Located on the banks of the Ohio River not far from the location where the Monongahela and the Allegheny meet is Mr. Roger’s Memorial Statue. His likeness occupies a prime vantage point, overlooking the famed Duquesne Bridge and the skyscrapers of downtown. Sitting within a concrete arch, audio recordings of “Mr. Roger’s Neighborhood” play on a continuous loop. This peaceful park setting would suit Fred Rogers perfectly.
Tuesday of this last week marked the 51st anniversary of the first time Mr. Roger’s invited America to his neighboorhood, and for the next 33 years, Fred Rogers was everyone’s favorite neighbor. He had begun his show initially back in 1962 in Canada before moving to Pittsburgh Public Broadcasting Affiliate WQED in 1968. Rogers became a local fixture and had several cast members with recurring roles on the show including a then-unknown Michael Keaton back in the 1970s. His presentation was groundbreaking in the way he approached children, never talking down to them or minimizing their feelings. His mellifluous and soothing voice had a calming effect on his audience, and his warm, kindly nature put them at ease.
Some people experience hurt, and their response is to hurt in return. Those who are blessed hurt and find a way to keep others from feeling the same. Fred Rogers was one of the blessed. An overweight and sickly child Rogers was bullied by his classmates and mocked for his weight and stammering. This hurting forced Fred Rogers to retreat into himself and his bountiful imagination. This rich inner world created the puppets that would occupy his neighborhood such as King Friday XIII and Daniel Tiger. Rogers had initially planned on becoming a Presbyterian Minister but became convinced that he could do more ministering to Children through the emerging medium of television.
Fred Roger’s was also the best selling author of children’s books that covered difficult subject matter such as the death of a pet, divorce, and understanding prejudice. But it is a television pioneer he is best remembered. Roger’s show always began the same. He would walk through the door singing his theme song “Won’t you be my neighbor?” take off his coat and put on his cardigan sweater, (He had several pairs, and they were all hand-knitted by his mother) and his sneakers. Then he would usually have a segment with his puppets characters and end with a topic of the day. He wasn’t afraid of tackling issues of the day, discussing the Robert Kennedy assassination and Challenger Explosions and September 11thfor example. He offered sage advice both for viewers and parents who had to tackle the subject with their own children.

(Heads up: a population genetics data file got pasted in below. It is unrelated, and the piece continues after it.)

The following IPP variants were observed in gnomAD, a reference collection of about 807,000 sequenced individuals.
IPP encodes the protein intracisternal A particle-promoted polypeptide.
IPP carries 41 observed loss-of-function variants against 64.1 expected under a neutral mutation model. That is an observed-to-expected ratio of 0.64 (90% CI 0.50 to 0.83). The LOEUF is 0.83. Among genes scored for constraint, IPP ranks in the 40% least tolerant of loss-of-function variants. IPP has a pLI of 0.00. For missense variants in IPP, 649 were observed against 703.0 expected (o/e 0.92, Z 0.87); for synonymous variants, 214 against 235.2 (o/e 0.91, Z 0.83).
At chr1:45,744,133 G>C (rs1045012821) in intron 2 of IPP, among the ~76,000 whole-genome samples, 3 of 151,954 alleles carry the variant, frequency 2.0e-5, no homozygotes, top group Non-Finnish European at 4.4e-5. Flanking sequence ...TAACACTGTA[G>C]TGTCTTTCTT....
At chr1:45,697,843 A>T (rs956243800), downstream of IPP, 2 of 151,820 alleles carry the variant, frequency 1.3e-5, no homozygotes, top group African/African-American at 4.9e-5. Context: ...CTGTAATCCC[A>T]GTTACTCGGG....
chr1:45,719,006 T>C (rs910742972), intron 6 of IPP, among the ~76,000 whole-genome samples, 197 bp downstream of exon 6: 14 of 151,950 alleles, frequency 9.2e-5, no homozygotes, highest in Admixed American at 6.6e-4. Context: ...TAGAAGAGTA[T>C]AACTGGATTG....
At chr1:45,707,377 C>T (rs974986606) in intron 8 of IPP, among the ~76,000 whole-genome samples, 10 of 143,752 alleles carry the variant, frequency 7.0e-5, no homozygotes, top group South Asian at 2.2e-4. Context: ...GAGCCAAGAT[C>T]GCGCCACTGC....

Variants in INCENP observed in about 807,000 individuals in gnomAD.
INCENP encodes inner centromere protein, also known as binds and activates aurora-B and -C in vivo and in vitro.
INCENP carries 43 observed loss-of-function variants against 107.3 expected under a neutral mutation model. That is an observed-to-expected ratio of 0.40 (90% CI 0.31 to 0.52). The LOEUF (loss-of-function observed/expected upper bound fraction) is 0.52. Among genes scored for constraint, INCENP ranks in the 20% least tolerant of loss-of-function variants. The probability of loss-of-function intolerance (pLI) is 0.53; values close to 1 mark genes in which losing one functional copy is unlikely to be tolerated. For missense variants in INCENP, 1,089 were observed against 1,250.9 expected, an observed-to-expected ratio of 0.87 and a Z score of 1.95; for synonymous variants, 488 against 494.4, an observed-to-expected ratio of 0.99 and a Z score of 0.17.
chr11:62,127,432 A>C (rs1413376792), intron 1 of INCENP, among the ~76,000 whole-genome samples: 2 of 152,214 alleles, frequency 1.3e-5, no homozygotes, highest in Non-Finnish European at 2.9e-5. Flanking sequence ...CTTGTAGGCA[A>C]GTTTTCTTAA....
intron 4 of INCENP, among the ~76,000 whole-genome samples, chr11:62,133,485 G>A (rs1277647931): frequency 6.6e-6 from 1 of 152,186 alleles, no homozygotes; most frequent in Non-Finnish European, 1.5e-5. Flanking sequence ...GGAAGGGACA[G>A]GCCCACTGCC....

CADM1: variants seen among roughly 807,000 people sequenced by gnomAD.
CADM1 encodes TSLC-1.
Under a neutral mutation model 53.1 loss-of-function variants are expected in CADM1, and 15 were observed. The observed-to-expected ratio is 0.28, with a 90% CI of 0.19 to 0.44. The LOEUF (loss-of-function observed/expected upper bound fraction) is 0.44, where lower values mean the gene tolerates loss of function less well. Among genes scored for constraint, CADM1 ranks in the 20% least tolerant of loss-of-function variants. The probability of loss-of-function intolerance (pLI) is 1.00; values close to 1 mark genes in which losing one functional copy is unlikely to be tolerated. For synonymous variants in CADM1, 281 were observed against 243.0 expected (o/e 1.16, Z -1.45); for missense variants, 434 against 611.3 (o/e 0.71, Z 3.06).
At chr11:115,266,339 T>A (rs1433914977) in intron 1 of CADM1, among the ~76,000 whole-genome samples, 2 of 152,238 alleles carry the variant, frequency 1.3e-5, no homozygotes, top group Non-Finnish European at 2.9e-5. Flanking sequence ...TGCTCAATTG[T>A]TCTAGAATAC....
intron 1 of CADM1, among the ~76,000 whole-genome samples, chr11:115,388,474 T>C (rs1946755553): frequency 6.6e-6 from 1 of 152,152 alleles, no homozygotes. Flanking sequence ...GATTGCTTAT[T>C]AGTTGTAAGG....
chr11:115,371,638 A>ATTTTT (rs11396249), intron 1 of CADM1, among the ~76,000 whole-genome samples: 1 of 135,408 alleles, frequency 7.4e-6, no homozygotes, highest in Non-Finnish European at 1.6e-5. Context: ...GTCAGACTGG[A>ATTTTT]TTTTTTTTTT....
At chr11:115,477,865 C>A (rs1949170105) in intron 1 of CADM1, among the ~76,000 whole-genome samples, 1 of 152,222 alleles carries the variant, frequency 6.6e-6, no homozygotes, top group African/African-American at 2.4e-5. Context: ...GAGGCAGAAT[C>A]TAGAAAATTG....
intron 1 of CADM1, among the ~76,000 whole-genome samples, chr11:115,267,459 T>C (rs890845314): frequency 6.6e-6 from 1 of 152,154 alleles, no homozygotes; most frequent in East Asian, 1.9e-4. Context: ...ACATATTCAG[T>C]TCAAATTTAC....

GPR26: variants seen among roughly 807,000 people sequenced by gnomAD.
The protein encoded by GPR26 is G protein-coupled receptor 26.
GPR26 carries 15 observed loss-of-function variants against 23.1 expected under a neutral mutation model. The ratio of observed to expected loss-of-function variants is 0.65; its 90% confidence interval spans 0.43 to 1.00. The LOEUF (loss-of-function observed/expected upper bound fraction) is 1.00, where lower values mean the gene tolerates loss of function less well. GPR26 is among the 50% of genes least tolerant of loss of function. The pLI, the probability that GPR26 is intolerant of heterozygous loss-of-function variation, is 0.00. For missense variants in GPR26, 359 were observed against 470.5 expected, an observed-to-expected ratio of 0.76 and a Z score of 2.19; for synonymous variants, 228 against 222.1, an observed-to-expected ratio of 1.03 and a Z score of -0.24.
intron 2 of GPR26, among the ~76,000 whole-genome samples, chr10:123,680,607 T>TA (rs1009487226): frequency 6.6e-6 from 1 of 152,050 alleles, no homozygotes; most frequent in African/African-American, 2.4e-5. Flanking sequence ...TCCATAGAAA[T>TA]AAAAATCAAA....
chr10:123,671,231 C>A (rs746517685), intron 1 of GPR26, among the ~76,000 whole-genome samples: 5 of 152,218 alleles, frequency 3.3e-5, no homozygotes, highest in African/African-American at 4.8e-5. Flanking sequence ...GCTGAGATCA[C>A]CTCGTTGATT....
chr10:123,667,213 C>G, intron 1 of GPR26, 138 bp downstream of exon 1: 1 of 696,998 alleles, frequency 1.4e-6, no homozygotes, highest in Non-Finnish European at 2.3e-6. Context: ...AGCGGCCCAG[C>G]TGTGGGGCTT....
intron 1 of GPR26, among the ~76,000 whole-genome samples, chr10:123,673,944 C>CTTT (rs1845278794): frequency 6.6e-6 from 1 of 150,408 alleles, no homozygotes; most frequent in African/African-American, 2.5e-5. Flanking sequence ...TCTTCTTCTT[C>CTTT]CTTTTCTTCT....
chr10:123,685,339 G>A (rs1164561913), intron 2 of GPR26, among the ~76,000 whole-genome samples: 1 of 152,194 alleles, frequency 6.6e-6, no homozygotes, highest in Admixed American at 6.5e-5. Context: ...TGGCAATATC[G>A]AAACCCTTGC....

Rogers never endorsed a product despite his fame. He felt it would be a betrayal to the children who watched his show. Despite this, Fred Rogers was a tireless advocate for children’s education making several impassioned pleas before Congress when they threaten to withdraw PBS’s funding. He amassed40 honorary degrees an armful of Emmy and Peabody Awards and even the Presidental Medal of Freedom, the nation’s highest civilian award. Rogers died in 2003, but his show still airs in the hearts and minds of the generations of children who grew up watching him. Myself included.
The Heinz History Center in Pittsburgh has been the recipient of the sets and much of the props from “Mister Rogers Neighborhood” They are on display in the museum’s fourth floor. The center covers the history of Pittsburgh and the Heinz Brand as well, but Fred Rogers’ exhibit is especially popular.
I may be middle-aged, but the child in me thrills seeing these sets from the Television show I adored as a child. If you come to Pittsburgh, and Mr. Rogers was as much of a part of your life as mine. Let the child in your heart have this gift. Come back to the neighborhood. It’s still a beautiful day.